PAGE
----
Comments (101)

Facts Don't Care About Your Feelings

It's astounding to me that after such a tragedy, I see naive fools make the same mistakes as the characters in the sense that they ignore the dangers and go back there to visit for YouTube views. I saw a couple people inches from items reading over 1000 on the Geiger counter and not worried. Arrogance and overconfidence were the downfall of man then, and I see that nothing has changed here in present day.

Jun 15th
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Anna Tuzova

Can you imagine that Russian communists' party official suggested banning those series as they 'demonise' the image of soviet people and soviet government? will it ever finish?

Jun 13th
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Allison Thomas

the courtroom scene where Legasov uses the blue and red cards to explain the sequence of disaster was brilliant. Ukrainian people, the world should never forget your heroic sacrifices for the greater good.

Jun 13th
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Allison Thomas

Riveting, horrifying, drama. a fantastic job by all involved and really enjoying the podcast. the Russian people have suffered hardships and horrors, through the years that we (hopefully) will never know. My daughter was born (UK) exactly 2 years following Chernobyl. Unfortunately she was born with her brain damaged. the consultant who diagnosed this said more babies were being born like this following chernobyl. I've never seen any chernobyl "follow up" research on humans only that sheep/agriculture were monitored. it's a terrible thing we've had to live with, with no answers. I often wonder if chernobyl was used as an easy excuse.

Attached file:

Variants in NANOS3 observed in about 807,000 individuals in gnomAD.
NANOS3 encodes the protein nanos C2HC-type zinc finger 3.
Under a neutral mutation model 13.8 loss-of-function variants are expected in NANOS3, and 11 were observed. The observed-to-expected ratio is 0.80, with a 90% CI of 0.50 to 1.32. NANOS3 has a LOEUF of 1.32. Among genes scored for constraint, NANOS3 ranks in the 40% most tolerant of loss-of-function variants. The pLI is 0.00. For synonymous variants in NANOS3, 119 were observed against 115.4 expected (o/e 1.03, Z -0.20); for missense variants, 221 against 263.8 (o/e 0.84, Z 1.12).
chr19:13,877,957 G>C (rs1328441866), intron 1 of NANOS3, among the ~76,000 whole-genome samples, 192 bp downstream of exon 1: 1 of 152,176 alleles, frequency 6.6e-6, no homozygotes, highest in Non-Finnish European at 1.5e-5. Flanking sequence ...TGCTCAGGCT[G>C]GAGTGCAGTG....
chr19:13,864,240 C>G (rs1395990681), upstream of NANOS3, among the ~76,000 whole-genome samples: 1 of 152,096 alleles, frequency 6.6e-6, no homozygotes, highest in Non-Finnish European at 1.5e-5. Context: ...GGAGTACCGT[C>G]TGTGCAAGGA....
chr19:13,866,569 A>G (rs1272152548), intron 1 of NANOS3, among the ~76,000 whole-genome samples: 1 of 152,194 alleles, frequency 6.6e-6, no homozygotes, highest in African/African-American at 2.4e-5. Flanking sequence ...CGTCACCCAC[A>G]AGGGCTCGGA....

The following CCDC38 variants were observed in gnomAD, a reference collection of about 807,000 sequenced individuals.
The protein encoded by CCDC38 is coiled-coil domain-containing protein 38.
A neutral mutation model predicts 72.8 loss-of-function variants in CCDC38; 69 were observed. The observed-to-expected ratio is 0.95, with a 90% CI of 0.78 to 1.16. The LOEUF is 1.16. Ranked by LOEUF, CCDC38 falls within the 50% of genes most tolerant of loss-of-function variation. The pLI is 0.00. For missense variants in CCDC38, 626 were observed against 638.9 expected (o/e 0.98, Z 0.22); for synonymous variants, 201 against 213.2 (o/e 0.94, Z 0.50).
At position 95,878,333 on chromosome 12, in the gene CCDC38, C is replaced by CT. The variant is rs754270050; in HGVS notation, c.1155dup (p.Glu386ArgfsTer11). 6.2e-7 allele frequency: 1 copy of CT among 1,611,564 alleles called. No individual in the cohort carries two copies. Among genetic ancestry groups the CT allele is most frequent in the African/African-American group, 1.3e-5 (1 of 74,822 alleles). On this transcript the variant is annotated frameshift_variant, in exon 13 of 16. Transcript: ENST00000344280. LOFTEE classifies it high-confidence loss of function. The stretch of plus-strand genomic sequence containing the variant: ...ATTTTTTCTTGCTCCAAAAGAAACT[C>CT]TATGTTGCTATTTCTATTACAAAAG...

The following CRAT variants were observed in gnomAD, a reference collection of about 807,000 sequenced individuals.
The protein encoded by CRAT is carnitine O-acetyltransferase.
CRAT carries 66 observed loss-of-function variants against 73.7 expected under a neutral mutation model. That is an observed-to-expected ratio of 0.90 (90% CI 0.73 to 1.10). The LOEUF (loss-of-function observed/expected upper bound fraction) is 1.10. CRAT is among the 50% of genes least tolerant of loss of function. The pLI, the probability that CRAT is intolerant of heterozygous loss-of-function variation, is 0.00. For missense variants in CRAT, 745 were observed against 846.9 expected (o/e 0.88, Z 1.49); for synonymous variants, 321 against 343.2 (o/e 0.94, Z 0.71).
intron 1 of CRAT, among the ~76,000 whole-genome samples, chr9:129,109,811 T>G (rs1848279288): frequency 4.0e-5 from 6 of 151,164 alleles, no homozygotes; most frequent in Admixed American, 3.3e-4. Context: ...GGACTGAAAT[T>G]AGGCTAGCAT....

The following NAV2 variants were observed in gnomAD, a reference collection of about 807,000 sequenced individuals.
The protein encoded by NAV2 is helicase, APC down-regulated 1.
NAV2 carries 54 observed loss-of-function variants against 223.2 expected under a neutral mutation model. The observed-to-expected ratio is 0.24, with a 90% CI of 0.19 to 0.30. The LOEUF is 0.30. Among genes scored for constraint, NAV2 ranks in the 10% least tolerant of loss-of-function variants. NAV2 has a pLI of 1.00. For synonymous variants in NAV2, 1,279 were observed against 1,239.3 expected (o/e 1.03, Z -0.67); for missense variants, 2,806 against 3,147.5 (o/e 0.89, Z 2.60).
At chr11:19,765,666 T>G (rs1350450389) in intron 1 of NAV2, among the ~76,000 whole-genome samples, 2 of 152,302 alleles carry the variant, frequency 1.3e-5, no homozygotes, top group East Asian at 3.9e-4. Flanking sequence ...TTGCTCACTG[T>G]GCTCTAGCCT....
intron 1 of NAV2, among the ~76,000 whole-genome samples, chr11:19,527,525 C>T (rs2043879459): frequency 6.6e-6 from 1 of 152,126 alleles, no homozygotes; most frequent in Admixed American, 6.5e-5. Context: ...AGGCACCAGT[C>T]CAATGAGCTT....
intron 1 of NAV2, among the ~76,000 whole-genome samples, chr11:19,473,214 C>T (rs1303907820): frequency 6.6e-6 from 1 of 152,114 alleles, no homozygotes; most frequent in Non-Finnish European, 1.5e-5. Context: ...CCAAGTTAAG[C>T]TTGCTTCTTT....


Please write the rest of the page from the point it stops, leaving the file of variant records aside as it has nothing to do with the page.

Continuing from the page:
Jun 11th
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Валерия Ермакова

This bridge of death is legend, yes, many people stood there but nobody died from it.

Jun 10th
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Nicole Wetzel

Does anyone know the name of the book they talk about

Jun 10th
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Jason H

Nicole Wetzel Listening to this audio book now, it's really good. A lot of detail.

Jun 12th
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Morg Temp

Nicole Wetzel The book is called Voices From Chernobyl.

Jun 12th